A key suspect in 1988 bombing of Pan Am Flight 103 over Lockerbie, Scotland, that killed 270 people, including 16 passengers from Michigan, is in U.S. custody, officials confirmed Sunday.
“The United States has taken custody of alleged Pan Am flight 103 bombmaker Abu Agila Mohammad Masud," a Justice Department spokesman said.
The deadly crash, which occurred four days before Christmas 33 years ago, killed a cross section of Michiganders, from students and toddlers to auto executives and the heir to a famed automotive and banking dynasty in Detroit. A majority of those onboard were Americans. U.S. investigators, together with survivors of the victims, have pushed ever since the catastrophe to gain evidence leading to arrests.
According to court documents, the terrorist act had been ordered by Libyan intelligence officials directed by former Libyan dictator Moammar Gadhafi, who died in 2011 when his regime was overthrown. Gadhafi is said to have thanked Masud for his role in blowing up the airliner.
The suspect is expected to make an initial court appearance in Washington, D.C. He is to face charges leveled two years ago, when federal prosecutors charged him with destruction of an aircraft resulting in death, and with using an explosive to destroy a vehicle of interstate commerce. Masud, a former Libyan intelligence officer, is suspected of helping to make the bomb. It exploded aboard a Boeing 747 as the airliner flew over the small Scottish town of Lockerbie en route from London to New York.
At the time the charges were announced, then-Attorney General William Barr, who helped lead the initial investigation during his first stint as attorney general, said a "breakthrough" in the case came in 2016, when federal investigators learned that Masud, a long-suspected co-conspirator, had been arrested and interrogated by Libyan authorities in 2012 after the collapse of the Moammar Gadhafi regime.
A copy of the interview and other evidence was provided to U.S. authorities, allegedly linking Masud to the assembly of the explosive. According to court documents, the operation had been ordered by Libyan intelligence officials, and Gadhafi thanked Masud for "the successful attack on the United States." U.S. officials also believe Masud was involved in the 1986 bombing of the LaBelle Discotheque in Berlin, West Germany, which killed two American service members and a Turkish woman.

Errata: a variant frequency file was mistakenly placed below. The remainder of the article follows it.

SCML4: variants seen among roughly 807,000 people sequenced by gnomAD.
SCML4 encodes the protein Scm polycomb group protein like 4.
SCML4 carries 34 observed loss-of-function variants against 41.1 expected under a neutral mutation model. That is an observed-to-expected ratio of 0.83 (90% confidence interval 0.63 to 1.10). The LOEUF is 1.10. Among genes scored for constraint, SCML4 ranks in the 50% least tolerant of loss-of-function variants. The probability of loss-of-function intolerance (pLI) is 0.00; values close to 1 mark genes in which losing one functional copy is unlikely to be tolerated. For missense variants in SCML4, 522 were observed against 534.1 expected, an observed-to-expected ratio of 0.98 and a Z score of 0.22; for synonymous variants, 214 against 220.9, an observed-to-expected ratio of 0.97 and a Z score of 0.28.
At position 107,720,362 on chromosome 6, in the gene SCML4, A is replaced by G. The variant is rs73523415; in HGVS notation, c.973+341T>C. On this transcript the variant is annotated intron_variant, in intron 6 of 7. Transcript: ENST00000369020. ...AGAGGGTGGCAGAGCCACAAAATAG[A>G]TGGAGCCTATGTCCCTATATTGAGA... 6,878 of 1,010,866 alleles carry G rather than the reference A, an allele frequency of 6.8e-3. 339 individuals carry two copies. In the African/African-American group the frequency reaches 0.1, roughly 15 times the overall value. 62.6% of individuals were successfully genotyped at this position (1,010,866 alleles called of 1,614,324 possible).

As one of the longest-running terrorism cases moves forward, these Michigan victims, as recalled in Detroit Free Press reporting at the time, remain in memory:
LAWRENCE BENNETT, 41, of Lima Township was a chemist for Warner-Lambert Co. in Ann Arbor.
DIANE BOATMON-FULLER, 35, was a former Detroit schoolteacher. She was raised in Detroit, worked in the city, then moved to Los Angeles and then London to pursue a career as a playwright, family told the Detroit Free Press following her death. She was enjoying some success and had booked a flight home as a surprise visit for the holidays.
CHARLES T. FISHER IV, 34, of the famous Detroit Fisher family, did not get his 35th birthday celebrations in Grosse Pointe Farms as planned when flying home for the holidays. He was an assistant bank vice president in the London office of New York-based Citicorp at the time of his death. His family is perhaps best known for the art-deco Fisher Building in the city along with their success in the automotive industry. The first Charles T. Fisher, served as the president of Fisher Body Co. and a vice president of General Motors, while the second and third headed up the National Bank of Detroit, later renamed NBD Bancorp.
JAMES FULLER, 50, of Bloomfield Hills was vice-president in charge of Volkswagen United States. He was flying home from a meeting at the company headquarters in West Germany.
ARMY SPEC. 4 KENNETH J. GIBSON, 20, of Romulus was ending a tour as a mortarman with the Berlin Brigade in West Germany.
PAMELA HERBERT, 19, of Battle Creek was a junior at Bowdoin College in Brunswick, Maine.
KHALID JAAFAR, 21, of Dearborn was a college student. He had been born in Lebanon and his family, which had immigrated, for years fought claims published by national news organizations that anonymous sources said he may have unwittingly carried the bomb aboard as a drug courier for the Drug Enforcement Administration. Two years after the bombing, the FBI said they found no evidence of this and the DEA disavowed any ties. His family and community members had insisted he was traveling home from visiting childhood friends from Lebanon in Frankfurt.
GREGORY KOSMOWSKI, 40, of Milford was vice-president of marketing and development at Lucas Industries Inc. in Troy.
LOU MARENGO, 33, of Rochester was marketing director for Volkswagen United States. He was flying home from a meeting at the company headquarters in West Germany.
GARIMA RATTAN, 29, of Warren, her 3-year-old daughter, Suruchi, and her 2-year-old son, Anmol.
ARMY SGT. MARY SMITH, 34, of Kalamazoo.
ARVA (TONY) THOMAS, 17, of Detroit had been attending school in West Germany, where a brother in the Army was stationed. He was a former church choir director and talented high school basketball player.
AIR FORCE SGT. LAWANNA THOMAS 21, of Southfield, and her 2-month-old son, Jonathan. Her parents waited at an airport gate for her, only to have her not arrive.
Darcie Moran is a breaking news reporter and podcaster for the Detroit Free Press. Contact Moran: firstname.lastname@example.org. Bill Laitner is a Free Press staff writer. USA Today contributed.
This article originally appeared on Detroit Free Press: Suspect in bombing of Pan Am flight that killed 16 from Michigan in custody